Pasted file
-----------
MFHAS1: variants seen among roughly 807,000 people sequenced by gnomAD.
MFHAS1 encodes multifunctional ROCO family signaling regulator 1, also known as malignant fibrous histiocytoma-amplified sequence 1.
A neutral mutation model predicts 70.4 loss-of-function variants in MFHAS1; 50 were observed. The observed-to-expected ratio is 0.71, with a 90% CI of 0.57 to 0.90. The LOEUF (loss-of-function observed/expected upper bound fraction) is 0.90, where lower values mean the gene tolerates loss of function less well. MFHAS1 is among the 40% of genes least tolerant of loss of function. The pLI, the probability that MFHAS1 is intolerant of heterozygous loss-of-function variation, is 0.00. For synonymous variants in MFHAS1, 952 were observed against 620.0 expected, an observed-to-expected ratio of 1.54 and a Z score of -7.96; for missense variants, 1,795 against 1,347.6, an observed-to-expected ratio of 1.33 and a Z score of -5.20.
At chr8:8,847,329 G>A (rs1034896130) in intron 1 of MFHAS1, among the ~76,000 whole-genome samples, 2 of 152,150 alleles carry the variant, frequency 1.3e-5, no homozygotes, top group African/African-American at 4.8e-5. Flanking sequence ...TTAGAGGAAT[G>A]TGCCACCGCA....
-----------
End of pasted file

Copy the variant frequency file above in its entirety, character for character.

MFHAS1: variants seen among roughly 807,000 people sequenced by gnomAD.
MFHAS1 encodes multifunctional ROCO family signaling regulator 1, also known as malignant fibrous histiocytoma-amplified sequence 1.
A neutral mutation model predicts 70.4 loss-of-function variants in MFHAS1; 50 were observed. The observed-to-expected ratio is 0.71, with a 90% CI of 0.57 to 0.90. The LOEUF (loss-of-function observed/expected upper bound fraction) is 0.90, where lower values mean the gene tolerates loss of function less well. MFHAS1 is among the 40% of genes least tolerant of loss of function. The pLI, the probability that MFHAS1 is intolerant of heterozygous loss-of-function variation, is 0.00. For synonymous variants in MFHAS1, 952 were observed against 620.0 expected, an observed-to-expected ratio of 1.54 and a Z score of -7.96; for missense variants, 1,795 against 1,347.6, an observed-to-expected ratio of 1.33 and a Z score of -5.20.
At chr8:8,847,329 G>A (rs1034896130) in intron 1 of MFHAS1, among the ~76,000 whole-genome samples, 2 of 152,150 alleles carry the variant, frequency 1.3e-5, no homozygotes, top group African/African-American at 4.8e-5. Flanking sequence ...TTAGAGGAAT[G>A]TGCCACCGCA....